What Makes A Profitable Vending Machine Account

One of the biggest challenges in selling vending accounts is deciding what makes a good/profitable account. Let’s look at a couple of scenarios.
You obtain two leads: one is a small business (25 employees, one shift) in an industrial park you are already servicing, the other is a very large facility (350 employees, 24/7 operations) that is across town.
You learn that both companies currently have vendors in their locations now, but are considering change. You set appointments to meet with both.
What now? Your goal is to make an objective assessment of the locations, determine their expectations, and decide if you can meet their needs profitably. Information is key, and this is the best (and easiest) time to gather any information that could be valuable in your endeavors. I strive to ask questions like:
  • Who is servicing the account now? What do I know about this company? Are they reputable, good people? Do they generally provide good service? Do they effectively service the area and account in question?  Are they using bottler’s assets?
  • Why is the account considering changing vendors? Ask the question and let them talk, find out all you can about how they are being serviced now, what they like and dislike about their current service, what they would change.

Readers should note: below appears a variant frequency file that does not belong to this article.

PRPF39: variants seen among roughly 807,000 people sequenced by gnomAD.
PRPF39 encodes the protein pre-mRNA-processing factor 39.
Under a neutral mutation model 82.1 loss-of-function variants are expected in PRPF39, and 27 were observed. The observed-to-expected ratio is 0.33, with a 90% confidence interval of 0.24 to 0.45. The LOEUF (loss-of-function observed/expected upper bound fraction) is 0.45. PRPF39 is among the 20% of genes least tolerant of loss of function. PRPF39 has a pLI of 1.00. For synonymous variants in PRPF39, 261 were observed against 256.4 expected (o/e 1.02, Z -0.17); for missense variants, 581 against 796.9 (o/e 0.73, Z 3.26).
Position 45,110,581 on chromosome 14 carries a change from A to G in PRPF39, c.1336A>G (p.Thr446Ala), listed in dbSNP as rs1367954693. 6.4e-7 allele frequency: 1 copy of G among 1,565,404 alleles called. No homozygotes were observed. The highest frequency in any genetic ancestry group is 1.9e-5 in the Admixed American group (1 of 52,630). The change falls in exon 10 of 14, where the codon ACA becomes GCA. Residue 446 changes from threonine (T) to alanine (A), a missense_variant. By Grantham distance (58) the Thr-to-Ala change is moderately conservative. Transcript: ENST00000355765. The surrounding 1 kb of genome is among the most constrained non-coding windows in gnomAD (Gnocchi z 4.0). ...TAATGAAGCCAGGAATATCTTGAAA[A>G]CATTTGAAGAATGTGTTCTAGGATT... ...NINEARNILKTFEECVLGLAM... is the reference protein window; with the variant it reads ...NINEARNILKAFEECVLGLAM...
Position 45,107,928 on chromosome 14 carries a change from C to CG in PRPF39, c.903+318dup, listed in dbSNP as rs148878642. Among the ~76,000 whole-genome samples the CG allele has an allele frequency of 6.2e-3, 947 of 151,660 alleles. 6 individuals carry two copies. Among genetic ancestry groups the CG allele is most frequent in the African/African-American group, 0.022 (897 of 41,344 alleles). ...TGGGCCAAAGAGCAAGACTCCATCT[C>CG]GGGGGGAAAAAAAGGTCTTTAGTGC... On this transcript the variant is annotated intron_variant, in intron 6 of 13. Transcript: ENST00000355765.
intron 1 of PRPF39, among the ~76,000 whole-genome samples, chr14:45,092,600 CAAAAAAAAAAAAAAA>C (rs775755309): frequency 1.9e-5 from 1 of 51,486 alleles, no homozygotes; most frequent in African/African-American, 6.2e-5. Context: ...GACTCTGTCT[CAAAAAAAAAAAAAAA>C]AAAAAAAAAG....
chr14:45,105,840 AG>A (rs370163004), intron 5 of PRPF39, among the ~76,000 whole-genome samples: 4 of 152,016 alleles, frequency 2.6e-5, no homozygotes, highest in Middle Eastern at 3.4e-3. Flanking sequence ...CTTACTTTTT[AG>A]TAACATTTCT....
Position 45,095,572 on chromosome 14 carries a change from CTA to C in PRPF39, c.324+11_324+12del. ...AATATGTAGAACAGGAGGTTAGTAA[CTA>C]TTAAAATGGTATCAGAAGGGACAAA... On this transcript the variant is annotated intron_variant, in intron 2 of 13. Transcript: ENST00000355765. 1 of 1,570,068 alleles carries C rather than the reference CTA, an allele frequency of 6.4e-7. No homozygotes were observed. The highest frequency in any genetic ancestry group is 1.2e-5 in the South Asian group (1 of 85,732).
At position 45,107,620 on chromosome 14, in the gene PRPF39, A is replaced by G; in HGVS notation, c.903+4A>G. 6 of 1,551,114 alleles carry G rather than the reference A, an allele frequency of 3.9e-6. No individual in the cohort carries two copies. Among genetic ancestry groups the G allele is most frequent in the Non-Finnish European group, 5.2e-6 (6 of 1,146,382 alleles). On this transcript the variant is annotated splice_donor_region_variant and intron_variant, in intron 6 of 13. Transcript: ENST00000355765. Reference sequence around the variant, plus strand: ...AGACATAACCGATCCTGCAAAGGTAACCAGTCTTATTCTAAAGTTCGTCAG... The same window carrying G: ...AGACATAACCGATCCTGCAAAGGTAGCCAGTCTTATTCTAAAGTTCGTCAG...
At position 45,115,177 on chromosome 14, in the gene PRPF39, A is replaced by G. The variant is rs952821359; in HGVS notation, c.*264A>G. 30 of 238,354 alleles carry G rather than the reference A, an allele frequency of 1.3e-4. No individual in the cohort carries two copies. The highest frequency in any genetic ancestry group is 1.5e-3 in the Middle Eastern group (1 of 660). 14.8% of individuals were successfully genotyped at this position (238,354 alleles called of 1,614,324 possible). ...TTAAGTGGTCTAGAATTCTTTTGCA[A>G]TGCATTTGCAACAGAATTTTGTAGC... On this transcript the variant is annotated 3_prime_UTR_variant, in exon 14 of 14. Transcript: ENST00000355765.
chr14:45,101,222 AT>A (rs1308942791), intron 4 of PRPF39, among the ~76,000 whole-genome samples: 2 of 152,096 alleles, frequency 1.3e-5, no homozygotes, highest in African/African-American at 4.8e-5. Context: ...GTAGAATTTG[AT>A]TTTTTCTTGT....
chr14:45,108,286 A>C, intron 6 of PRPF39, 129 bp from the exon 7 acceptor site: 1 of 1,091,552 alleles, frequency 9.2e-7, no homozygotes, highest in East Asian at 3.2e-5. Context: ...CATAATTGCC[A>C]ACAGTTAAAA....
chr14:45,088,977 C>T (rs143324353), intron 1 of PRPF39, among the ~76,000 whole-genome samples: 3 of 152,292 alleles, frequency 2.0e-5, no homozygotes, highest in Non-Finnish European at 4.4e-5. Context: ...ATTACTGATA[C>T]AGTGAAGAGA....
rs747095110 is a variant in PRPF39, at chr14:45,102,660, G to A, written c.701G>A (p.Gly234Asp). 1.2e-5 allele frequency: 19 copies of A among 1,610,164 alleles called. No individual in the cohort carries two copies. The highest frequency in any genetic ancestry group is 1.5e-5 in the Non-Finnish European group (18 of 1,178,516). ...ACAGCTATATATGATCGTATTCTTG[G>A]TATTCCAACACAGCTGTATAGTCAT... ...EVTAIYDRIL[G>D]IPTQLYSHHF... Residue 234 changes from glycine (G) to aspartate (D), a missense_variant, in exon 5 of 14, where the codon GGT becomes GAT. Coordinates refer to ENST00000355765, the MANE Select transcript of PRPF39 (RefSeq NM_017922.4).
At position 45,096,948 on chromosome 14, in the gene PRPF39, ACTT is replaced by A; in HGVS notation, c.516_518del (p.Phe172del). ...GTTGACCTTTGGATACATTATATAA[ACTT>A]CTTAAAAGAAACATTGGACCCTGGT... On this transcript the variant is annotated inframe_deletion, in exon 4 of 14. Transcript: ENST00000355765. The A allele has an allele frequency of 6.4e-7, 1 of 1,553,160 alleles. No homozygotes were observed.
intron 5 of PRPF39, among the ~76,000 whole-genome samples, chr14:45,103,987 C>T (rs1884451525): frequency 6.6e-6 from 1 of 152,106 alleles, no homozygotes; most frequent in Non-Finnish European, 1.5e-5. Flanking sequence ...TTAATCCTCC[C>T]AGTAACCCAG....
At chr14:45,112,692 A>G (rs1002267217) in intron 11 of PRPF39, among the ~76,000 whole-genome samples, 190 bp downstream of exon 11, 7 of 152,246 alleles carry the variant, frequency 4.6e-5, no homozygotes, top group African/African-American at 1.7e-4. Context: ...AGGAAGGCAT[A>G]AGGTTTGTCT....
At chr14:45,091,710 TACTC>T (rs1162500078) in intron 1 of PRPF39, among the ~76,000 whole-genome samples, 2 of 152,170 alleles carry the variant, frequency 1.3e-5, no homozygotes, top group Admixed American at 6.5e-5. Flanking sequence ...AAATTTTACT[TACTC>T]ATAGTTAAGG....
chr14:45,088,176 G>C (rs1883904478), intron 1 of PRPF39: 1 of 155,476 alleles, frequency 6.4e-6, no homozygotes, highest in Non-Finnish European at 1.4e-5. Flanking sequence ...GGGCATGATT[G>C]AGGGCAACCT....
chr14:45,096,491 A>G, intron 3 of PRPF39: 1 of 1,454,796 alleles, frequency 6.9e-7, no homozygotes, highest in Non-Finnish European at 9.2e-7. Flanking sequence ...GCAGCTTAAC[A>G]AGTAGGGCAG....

• What is their expectation for equipment and for service scheduling? What are the hours of operation and/or access to the location?
  • What is the pricing and do they expect commissions? Is the account open to a different pricing/commission structure?
  • What is the distance from the truck parking to the machines, first floor, second floor, elevator, stairs, and dock? How quickly can it be serviced?
  • Number of expected patrons? How many people have access to using your machines? How much indirect competition do you have (fast food restaurants or convenience stores within walking distance)?
  • What are the demographics of the account? Age, gender, cultural and ethnic factors all relate to sales of product. What are the environmental conditions in the account?
  • How easily is equipment moved into the location? Look for narrow hallways, large steps, short doors, tile and hardwood floors – any factors that could affect the move or that might induce unexpected liability.
In our scenario, you find that the 25-person account is being run by an operator you don’t know. He has told the customer that he is a part-timer who operates “blue sky” machines out of his garage. The customer relates to you that the machines are unreliable and that, while he makes a good effort to repair them, they just don’t seem to be fixed. The customer likes the selection offered, and the machines are full most of the time (mainly because the operator is out every other day to fix the machines and he restocks while he’s there). The customer has had several conversations about the reliability issue, but has had no solution to the problem.

1 comment:

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